In the US, Hyleaus are commonly called 'Yellow-faced bees', in the UK they are known as 'Yellow-face bees', whilst in Australia, an alternative name is 'Masked bees'.
Hyleaus are small, fascinating bees belonging to the bee family Colletidae. Not surprisingly, they have distinct white or yellow markings on their faces.
With distinctive white or yellow markings on the face, these small, beautiful bees may be relatively easy to identify, although Falk1 notes the facial markings of some species may not always be clear in females.
Yellow-face bees are small, slender and 3.5 - 6mm in length1. Their bodies are dark and relatively hairless.
Hylaeus select nest sites in hollow twigs and stems, holes in wood, and sometimes bee hotels. They will sometimes select crevices and holes in rocks and walls. Having dainty mandibles (jaws) they are unable to excavate their own nest holes, and so they opt for pre-existing holes2.
Hylaeus use their tongues to line their nests with a cellophane or silk-like substance, which provides protection from bacteria and is waterproof. Remarkably, this silk-like substance is so strong, it does not dissolve when infused with strong chemical solvents, and does not melt when heated2.
Watch this amazing video footage below of the life cycle of a Hylaeus communis (Common Yellow-face Bee) as she mates, forages for food, creates the silky lining for her nest cells, and the larvae develop into adult bees inside the silk-lined cells.
Hylaeus can be found in a range of habitats, from urban gardens to forest edges, coastal regions and brownfield sites.
Wilson and Messenger Carril note that female Hyleaus species are unique in having no hairs or scopa for carrying pollen. Instead, yellow-faced bees consume the nectar and pollen they find in flowers, store it in their crops, and regurgitate it back at the nest2 to provide food for emerging offspring.
It appears most species are generalists, and have been observed to visit a wide array of flowers, including brambles, Field Scabious, Wild carrot, thistles, Yarrow, roses and Oxeye Daisy.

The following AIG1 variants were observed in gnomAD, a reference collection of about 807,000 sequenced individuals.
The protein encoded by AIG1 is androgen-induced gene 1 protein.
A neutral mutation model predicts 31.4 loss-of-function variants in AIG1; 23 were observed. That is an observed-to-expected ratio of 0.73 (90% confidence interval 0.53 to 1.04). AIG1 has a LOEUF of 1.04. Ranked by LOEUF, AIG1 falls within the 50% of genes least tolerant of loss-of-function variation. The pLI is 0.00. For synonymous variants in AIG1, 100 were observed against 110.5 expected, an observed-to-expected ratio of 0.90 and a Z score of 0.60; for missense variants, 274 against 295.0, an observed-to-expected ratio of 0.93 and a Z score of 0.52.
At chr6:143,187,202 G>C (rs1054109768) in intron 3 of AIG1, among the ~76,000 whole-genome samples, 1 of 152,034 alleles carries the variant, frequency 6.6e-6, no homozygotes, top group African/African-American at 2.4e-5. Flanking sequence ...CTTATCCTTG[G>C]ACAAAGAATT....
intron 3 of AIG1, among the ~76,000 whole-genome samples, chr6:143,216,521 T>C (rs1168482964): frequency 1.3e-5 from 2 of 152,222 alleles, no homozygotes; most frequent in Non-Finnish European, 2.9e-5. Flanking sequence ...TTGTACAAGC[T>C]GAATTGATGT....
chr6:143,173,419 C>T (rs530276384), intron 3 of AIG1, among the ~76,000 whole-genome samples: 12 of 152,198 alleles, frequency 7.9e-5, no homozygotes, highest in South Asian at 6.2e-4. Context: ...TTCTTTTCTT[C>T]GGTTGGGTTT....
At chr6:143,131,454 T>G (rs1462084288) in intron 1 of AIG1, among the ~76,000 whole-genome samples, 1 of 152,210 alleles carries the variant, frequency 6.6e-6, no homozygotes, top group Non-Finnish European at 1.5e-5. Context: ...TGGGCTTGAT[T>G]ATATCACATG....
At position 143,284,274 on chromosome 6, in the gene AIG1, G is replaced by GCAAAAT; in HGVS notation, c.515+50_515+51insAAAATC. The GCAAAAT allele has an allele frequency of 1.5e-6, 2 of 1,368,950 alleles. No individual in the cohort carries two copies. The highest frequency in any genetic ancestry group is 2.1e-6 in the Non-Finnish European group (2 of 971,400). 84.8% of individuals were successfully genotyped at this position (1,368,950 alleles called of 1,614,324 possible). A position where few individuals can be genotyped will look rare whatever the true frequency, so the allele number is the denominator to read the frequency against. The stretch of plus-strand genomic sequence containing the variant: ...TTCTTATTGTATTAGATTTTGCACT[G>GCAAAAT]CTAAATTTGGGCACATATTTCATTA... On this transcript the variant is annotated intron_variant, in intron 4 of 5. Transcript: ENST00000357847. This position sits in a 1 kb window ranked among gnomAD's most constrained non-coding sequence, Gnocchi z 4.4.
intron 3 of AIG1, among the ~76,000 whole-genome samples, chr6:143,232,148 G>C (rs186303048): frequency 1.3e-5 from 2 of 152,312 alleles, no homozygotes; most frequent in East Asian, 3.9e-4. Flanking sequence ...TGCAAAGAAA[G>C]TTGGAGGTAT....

In Australia, some Masked bee species may visit flowers from only one plant family, and in other regions, species only visiting flowers from the rose family have been noted2.
Hylaeus species have been observed to engage in 'pollen robbery', whereby pollen reward is accessed and removed from the flower by the bee, without pollinating the flower. Bees were noted to achieve this by biting into the closed flowers to access the pollen, before the flower opened out and exposed the pollen naturally4.
In Hawaii, populations of Yellow-faced bees have been devastated by invasive ants. The majority of Hawaiian yellow-faced bees have experienced significant declines in range and population, and some species are now protected3.
Which Hawaiian yellow-faced bees are protected?
In 2016, seven species received federal protection under the Endangered Species Act of 19733, including:
Here is a short video: The Hawaiian Yellow-Faced Bee Project
As I write, according to Falk1 the 12 UK species include:
Hylaeus cornutus (Spined Hylaeus)
Hylaeus dilatatus (Chalk Yellow-face Bee)
Hylaeus hyalinatus (Hairy Yellow-face Bee)
Hylaeus incongruus (White-lipped Yellow-face Bee)
Hylaeus pectoralis (Reed Yellow-face Bee)
Hylaeus pictipes (Little Yellow-face Bee)
Hylaeus punctulatissimus (Onion Yellow-face Bee)
Hylaeus signatus (Mignonette Yellow-face Bee)
Hylaeus brevicornis (Short-horned Yellow-face Bee)
Hylaeus communis (Common Yellow-face Bee)
Hylaeus confusus (White-jawed Yellow-face Bee)
Hylaeus annularis (Shingle Yellow-face Bee)
Whilst yellow-faced bees are able to sting, they are not aggressive. I have no experience of a sting from this species personally, but anecdotally I am told a sting from this species is quite rare and not very painful. This species was not featured in research investigating a comparison of pain levels from stings.